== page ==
Close your eyes and envisage the probable line-up for next year’s chief executive “election.”
Yes, it is a dispiriting exercise—first and foremost, of course, because what is being called an election is actually a vote by a committee whose 1,200 members are largely controlled by the central government in Beijing.
Beyond that daunting restriction, however, the candidates now vying to take part in the charade range from bad to worse to even worse to worst.
Such demoralising options remove all the sporting-match excitement from the competition and, for the more than seven million of us not sitting on the committee, turn the race for the city’s top job into a farcical spectacle: If you don’t laugh, you are going to wind up crying—and the best approach is probably to do a little of both.
Bad: Financial Secretary John Tsang Chun-wah, who for nine straight years has delivered budget after budget ignoring the long-term needs of the grassroots, bribing the middle class into silence with sweeteners and ensuring that the rich get richer and the poor remain poor. Although Tsang has not stated outright that he would like to replace Leung Chun-ying as CE, everything he has said and done lately indicates he is angling for the job—from the overtly political rhetoric in his budget speech last February to the populist appeals sprinkled into his weekly blogs.
He knows he is the most popular member of the widely reviled Leung administration, and he wants to keep it that way. Unlike his boss, he supported the Hong Kong football team in its World Cup qualifying match against China. That’s not much to build an election platform on, but it’s better than nothing.
Worse: Leung Chun-ying, under whose watch the city has become so politically polarised that its Legislative Council is now a dysfunctional free-for-all soon to be gatecrashed by a new generation of radicals even more extreme than those members currently throwing fruit and glass at the CE every time he dares to appear in the Legco chamber.
Leung’s confrontational style and unabashed kowtowing to Beijing—at a time when Hong Kong’s constitutional guarantees of free speech and democracy have come under repeated assault—galvanised his opposition and helped give rise to an independence movement now threatening to bring the city to a crisis. Moreover, his hardline, no-compromise response to the angry, disenfranchised forces arrayed against him only made them more angry and alienated. It’s hard to imagine the city under poorer leadership. And yet . . .
Even worse: Starry Lee Wai-king, the 42-year-old legislative councillor and former member of the Executive Council perennially described as “a rising star” in her pro-Beijing party, the Democratic Alliance for the Betterment and Progress of Hong Kong. Well, now she is the DAB chair and her star has risen, but it has proved to be just another false light in the city’s political firmament. It shines only when the powers that be in Beijing flick the switch; otherwise, Lee’s lights are out for Hong Kong.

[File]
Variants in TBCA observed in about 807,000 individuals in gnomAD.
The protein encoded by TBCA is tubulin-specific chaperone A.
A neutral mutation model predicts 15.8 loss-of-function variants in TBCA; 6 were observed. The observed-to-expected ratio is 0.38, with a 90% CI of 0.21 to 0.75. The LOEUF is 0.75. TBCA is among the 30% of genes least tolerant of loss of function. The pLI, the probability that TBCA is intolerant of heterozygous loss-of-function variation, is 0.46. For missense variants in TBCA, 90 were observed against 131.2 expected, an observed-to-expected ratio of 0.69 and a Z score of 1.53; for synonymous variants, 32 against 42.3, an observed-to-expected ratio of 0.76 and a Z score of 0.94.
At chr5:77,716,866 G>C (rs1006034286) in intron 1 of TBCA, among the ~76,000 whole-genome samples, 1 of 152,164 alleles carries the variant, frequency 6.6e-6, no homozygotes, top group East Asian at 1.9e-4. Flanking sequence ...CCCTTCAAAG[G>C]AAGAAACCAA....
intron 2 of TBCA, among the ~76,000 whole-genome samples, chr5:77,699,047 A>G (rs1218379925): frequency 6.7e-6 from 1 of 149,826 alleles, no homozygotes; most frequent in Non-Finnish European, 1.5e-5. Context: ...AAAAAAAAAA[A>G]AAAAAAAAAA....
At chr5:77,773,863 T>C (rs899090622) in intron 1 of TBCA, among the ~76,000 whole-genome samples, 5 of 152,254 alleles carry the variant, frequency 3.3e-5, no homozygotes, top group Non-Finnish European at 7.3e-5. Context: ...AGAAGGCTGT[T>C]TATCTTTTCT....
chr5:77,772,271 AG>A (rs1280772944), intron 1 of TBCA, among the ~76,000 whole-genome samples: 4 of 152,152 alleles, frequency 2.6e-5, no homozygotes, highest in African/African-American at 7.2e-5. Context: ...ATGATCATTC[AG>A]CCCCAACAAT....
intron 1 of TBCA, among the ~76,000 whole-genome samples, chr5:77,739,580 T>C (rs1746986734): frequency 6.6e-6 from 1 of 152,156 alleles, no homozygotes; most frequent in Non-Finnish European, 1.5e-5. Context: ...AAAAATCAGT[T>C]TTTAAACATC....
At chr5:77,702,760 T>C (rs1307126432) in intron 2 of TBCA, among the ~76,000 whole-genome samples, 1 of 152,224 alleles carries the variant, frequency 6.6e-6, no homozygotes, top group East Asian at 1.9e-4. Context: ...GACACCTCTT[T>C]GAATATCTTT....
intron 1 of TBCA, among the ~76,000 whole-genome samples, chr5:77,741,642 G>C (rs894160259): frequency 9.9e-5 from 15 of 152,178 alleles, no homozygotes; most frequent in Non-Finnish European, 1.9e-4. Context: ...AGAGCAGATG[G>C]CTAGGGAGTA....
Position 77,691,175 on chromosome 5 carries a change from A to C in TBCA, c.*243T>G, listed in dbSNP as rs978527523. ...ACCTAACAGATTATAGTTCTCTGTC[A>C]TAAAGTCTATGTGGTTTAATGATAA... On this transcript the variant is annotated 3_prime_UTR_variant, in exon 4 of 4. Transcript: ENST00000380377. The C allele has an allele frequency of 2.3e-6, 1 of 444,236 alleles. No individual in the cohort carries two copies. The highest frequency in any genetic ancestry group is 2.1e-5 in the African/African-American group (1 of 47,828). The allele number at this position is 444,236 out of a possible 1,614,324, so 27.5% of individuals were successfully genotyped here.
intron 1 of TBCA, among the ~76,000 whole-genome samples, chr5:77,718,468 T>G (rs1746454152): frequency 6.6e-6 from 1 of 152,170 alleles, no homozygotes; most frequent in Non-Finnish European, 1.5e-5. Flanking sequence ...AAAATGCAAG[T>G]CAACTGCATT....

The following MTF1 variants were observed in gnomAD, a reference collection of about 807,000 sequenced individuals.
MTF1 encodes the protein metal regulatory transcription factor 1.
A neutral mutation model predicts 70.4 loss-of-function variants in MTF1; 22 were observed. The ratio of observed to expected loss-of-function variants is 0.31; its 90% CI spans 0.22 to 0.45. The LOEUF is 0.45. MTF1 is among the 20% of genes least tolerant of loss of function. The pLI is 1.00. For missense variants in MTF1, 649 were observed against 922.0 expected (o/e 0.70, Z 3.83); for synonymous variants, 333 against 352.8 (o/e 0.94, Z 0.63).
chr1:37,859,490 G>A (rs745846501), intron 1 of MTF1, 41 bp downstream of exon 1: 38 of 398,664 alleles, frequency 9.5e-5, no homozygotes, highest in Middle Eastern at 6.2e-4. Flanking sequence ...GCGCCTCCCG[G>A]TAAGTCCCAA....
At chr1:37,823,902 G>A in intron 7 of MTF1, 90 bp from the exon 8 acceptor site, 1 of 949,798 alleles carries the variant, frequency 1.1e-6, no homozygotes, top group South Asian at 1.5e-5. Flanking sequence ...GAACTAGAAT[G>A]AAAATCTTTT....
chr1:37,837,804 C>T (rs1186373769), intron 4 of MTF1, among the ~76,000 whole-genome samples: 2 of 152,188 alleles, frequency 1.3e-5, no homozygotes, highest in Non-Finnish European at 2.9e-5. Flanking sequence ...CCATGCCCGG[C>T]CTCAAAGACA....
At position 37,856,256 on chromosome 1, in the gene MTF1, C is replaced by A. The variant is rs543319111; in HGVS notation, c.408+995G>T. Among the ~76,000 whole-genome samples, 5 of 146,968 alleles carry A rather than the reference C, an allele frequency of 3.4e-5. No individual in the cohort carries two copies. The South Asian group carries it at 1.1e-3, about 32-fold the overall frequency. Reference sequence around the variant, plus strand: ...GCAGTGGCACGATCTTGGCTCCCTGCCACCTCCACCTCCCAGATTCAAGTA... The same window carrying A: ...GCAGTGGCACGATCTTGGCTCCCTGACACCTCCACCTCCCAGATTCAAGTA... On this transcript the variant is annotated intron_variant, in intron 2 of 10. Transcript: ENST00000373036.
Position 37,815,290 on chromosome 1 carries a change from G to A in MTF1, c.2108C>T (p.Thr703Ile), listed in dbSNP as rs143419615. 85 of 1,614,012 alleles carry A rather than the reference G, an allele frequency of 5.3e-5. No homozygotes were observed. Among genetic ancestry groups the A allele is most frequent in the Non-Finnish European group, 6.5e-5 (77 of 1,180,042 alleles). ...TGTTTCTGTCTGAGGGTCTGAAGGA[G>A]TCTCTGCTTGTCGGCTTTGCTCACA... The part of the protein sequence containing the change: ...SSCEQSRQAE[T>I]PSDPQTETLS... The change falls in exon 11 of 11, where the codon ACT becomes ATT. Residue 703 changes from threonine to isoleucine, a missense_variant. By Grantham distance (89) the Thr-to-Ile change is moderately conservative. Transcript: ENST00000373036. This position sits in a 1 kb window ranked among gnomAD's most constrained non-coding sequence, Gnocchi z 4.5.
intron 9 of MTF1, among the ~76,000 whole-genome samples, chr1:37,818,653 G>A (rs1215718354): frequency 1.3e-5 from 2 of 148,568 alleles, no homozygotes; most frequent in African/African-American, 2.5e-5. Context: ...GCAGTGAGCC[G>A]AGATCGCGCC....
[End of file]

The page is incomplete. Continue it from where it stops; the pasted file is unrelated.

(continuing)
Yes, she will heave an occasional criticism at Leung—urging him, for example, to act faster in response to the tainted-water scandal—but her purpose is solely to advance her own cause. When she resigned from Exco in March, pundits were quick to speculate that she was preparing for a bid to become CE. Let’s hope they were wrong. If she becomes Hong Kong’s next leader, be prepared for a possible wave of CY nostalgia.
Worst: Regina Ip Lau Suk-yee, legislative councillor, Exco member, co-founder of the New People’s Party and the former security minister who did her level best to ram Article 23—the proposed anti-subversion legislation shelved after a massive street protest in 2003—down the throats of the Hong Kong people.
Consider this: If Ip had won the argument 13 years ago, then there would be no debate today about whether those advocating self-determination for Hong Kong are breaking the law; the law would be broken, and they would be in jail. Since the Article 23 debacle that led to her resignation as security chief, Ip has made a sustained effort to soften her image and portray herself as a champion of Hong Kong people and values.
While she has enjoyed considerable success, her reimagining has proved an obvious ruse. When Hong Kong booksellers mysteriously disappeared across the border, she didn’t want to look for them. When Hong Kong’s younger generation occupied city streets for 79 days demanding greater democracy, she offered them nothing but insults. And when Article 23 comes up for review, we know where she will stand.
Hong Kong’s chief executive earns a salary of HK$4.5 million (US$575,595) a year, making him (or potentially her) the second-highest paid political leader in the world, with only Singapore’s prime minister paid more. By comparison, US presidents, who must run a vast country of 50 states and more than 320 million people, earn US$400,000 annually.
For the past eight years, Barack Obama has been the US president.
Look what we’ve got.